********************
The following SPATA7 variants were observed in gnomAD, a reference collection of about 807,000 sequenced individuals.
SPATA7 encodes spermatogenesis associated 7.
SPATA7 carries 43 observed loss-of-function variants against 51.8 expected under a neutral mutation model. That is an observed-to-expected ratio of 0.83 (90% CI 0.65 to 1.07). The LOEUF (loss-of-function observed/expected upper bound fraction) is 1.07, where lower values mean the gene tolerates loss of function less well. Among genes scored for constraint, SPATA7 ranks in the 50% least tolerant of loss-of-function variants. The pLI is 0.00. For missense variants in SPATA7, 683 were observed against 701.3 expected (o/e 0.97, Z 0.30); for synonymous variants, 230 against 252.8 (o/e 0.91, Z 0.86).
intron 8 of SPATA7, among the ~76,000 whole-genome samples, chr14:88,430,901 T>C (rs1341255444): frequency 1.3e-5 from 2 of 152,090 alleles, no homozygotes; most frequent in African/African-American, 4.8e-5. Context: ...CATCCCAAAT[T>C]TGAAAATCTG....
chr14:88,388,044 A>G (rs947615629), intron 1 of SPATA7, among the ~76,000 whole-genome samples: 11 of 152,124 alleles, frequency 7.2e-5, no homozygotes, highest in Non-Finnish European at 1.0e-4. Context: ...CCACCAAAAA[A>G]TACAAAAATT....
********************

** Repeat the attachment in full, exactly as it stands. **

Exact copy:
The following SPATA7 variants were observed in gnomAD, a reference collection of about 807,000 sequenced individuals.
SPATA7 encodes spermatogenesis associated 7.
SPATA7 carries 43 observed loss-of-function variants against 51.8 expected under a neutral mutation model. That is an observed-to-expected ratio of 0.83 (90% CI 0.65 to 1.07). The LOEUF (loss-of-function observed/expected upper bound fraction) is 1.07, where lower values mean the gene tolerates loss of function less well. Among genes scored for constraint, SPATA7 ranks in the 50% least tolerant of loss-of-function variants. The pLI is 0.00. For missense variants in SPATA7, 683 were observed against 701.3 expected (o/e 0.97, Z 0.30); for synonymous variants, 230 against 252.8 (o/e 0.91, Z 0.86).
intron 8 of SPATA7, among the ~76,000 whole-genome samples, chr14:88,430,901 T>C (rs1341255444): frequency 1.3e-5 from 2 of 152,090 alleles, no homozygotes; most frequent in African/African-American, 4.8e-5. Context: ...CATCCCAAAT[T>C]TGAAAATCTG....
chr14:88,388,044 A>G (rs947615629), intron 1 of SPATA7, among the ~76,000 whole-genome samples: 11 of 152,124 alleles, frequency 7.2e-5, no homozygotes, highest in Non-Finnish European at 1.0e-4. Context: ...CCACCAAAAA[A>G]TACAAAAATT....